Companies must periodically report financial performance information to the public. When they do, they rely upon the United States Generally Accepted Accounting Principles (GAAP) to prepare their financial statements. However, subject to certain rules, companies may include non-GAAP financial metrics in their investor reports.
GAAP measures are informative, but many companies face unique circumstances. GAAP measures alone might not adequately capture those circumstances. Non-GAAP disclosures can paint a more accurate and comprehensive picture of the core financial performance of a company. According to a study by Audit Analytics, almost 90% of S&P 500 companies used these measures in their public filings.
Non-GAAP disclosures are in use across a range of public company filings with the Securities of Exchange Commission (SEC). Usage includes in company earnings releases, on corporate websites, in investor presentations, and on earnings calls. Startups are sometimes less experienced in navigating the complex web of financial regulations. Therefore, it is important they understand when companies use these complementary financial measures. They also must learn how to report them in a compliant manner.
Regulation G of the Securities Act of 1933 contains many of the rules regarding non-GAAP financial metrics. This Regulation defines a non-GAAP financial measure as a “numerical measure of historical or future financial performance, financial position or cash flows that excludes amounts, or is subject to adjustments that have the effect of excluding amounts, that are included in the most directly comparable measure calculated and presented in accordance with GAAP.” These can appear in a variety of company financial statements. These statements include income statements, balance sheet, statement of cash flows, or other similar financial statements.
The SEC rules have an “equal or greater prominence requirement” for non-GAAP measures. If company uses such a metric, the company must present the most directly comparable GAAP financial metric with equal or greater prominence.
SEC Focus on Non-GAAP Financial Measure Reporting
The SEC prioritizes following proper protocols when reporting non-GAAP financial measures to the public. Jay Clayton is a former chair of the SEC. During his tenure, he ramped up efforts to increase disclosures for investors regarding the use of these financial metrics. Clayton remarked in 2017: “We are watching non-GAAP measures very closely and are poised to act through the filing review process, enforcement, and further rule making, if necessary, to achieve the optimal disclosures for investors and the markets.”
In many respects, the SEC has followed through with that agenda. A recent survey of SEC comment letters (letters that companies forward to the SEC when they submit a Form S-1 registration statement to the SEC for review before going public) revealed that such measures have been one of the most frequently scrutinized topics.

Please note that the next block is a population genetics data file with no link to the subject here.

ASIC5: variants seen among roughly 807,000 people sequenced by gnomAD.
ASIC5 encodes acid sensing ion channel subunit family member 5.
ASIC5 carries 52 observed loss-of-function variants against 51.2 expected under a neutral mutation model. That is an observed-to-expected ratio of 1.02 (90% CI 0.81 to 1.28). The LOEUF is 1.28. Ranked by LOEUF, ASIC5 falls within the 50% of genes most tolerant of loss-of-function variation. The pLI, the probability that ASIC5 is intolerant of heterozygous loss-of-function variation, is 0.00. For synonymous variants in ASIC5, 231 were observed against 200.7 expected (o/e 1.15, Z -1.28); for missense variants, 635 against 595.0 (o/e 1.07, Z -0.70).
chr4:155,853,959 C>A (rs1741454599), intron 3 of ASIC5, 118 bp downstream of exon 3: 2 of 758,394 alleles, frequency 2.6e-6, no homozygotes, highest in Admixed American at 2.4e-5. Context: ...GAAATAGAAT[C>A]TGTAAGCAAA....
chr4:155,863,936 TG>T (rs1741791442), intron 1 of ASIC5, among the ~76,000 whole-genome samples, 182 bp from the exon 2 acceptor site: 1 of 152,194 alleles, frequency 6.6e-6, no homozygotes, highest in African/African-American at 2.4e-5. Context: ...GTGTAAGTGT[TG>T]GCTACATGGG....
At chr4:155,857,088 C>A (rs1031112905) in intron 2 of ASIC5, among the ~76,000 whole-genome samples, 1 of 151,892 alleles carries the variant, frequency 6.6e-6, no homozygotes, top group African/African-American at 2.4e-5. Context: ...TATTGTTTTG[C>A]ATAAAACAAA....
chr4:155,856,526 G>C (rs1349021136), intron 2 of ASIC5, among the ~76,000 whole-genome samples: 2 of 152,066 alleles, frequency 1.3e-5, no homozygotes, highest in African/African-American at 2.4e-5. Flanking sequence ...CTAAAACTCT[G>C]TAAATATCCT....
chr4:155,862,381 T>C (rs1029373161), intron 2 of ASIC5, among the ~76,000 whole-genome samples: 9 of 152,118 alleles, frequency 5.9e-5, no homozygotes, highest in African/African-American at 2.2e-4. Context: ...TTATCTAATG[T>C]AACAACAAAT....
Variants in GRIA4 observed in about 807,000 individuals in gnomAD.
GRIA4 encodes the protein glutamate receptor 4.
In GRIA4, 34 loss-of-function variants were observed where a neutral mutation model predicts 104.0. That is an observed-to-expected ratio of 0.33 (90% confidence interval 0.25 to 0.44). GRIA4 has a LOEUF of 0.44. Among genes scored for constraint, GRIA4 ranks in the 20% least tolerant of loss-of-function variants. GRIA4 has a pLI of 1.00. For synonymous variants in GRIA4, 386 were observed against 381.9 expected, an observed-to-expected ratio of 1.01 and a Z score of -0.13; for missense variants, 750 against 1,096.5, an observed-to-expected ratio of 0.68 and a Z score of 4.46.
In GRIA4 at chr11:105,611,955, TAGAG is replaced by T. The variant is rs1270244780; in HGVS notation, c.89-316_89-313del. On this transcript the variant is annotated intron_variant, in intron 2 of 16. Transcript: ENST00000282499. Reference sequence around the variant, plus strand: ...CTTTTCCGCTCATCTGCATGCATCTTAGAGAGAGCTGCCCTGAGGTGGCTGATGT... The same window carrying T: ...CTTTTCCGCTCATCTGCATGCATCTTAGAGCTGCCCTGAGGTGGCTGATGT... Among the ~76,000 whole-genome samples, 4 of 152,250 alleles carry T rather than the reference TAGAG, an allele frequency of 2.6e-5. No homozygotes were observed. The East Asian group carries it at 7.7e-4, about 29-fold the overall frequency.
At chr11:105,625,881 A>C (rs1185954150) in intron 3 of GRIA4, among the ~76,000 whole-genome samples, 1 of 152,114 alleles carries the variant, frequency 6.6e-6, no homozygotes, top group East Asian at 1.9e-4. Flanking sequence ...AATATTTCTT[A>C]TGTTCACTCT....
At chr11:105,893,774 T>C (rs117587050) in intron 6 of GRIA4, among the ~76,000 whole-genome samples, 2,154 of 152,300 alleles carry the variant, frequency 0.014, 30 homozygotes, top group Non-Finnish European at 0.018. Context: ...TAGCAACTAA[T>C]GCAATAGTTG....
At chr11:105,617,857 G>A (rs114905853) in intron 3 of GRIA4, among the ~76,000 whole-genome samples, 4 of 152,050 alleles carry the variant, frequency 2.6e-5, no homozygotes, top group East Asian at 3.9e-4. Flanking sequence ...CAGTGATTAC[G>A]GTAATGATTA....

One of the biggest areas of concern raised in respect to the use of non-GAAP financial metrics is that there is no reconciliation to, or sometimes incorrect reconciliation, to the most directly comparable GAAP financial measure. The concern is that this could mislead investors.
Common Non-GAAP Measures
The decision to report a specific non-GAAP financial measure can be based on industry-specific practices. In these cases, the definitions of these non-GAAP metrics have become relatively standardized. For example, funds from operations (FFO) and net operating income (NOI) are two commonly accepted non-GAAP financial measure in the real estate industry. In the airline industry, it is standard practice to report return on invested capital (ROIC). In the banking industry, public company disclosures include a non-GAAP metric called the efficiency ratio. Industry analysts evaluate this ratio. Other commonly used non-GAAP metrics are relatively industry agnostic, for example, EBITDA and free cash flow (FCF).
EBITDA: EBIDTA is the most used non-GAAP financial metric by companies of all sizes and industries. EBITDA stands for earnings before interest, taxes, depreciation, and amortization. It is a key measure of a company’s profitability.
Free Cash Flow (FCF): Free Cash Flow (FCF) is the amount of cash a company generates that is clear of obligations. It represents cash freely usable by the company.
Reconciliation of Non-GAAP Financial Measures
To be compliant with U.S. laws and regulations, companies that opt to use non-GAAP financial measures must present the most directly comparable financial measure calculated in accordance with GAAP rules. Companies often present this reconciliation process in a table format.
Although there isn’t much formal guidance for the SEC requirement to present a comparable GAAP measure with “equal or greater prominence”, companies should use common sense to avoid raising issues with the SEC.
SEC Regulations to Prevent Misleading Investors
Non-GAAP calculations can more accurately capture a company’s financial performance. The goal of the SEC’s increased scrutiny of the use and way non-GAAP measures are reported is to prevent misleading investors. Startups, especially those planning to go public, should have robust financial teams to assess the rules surrounding non-GAAP financial measures.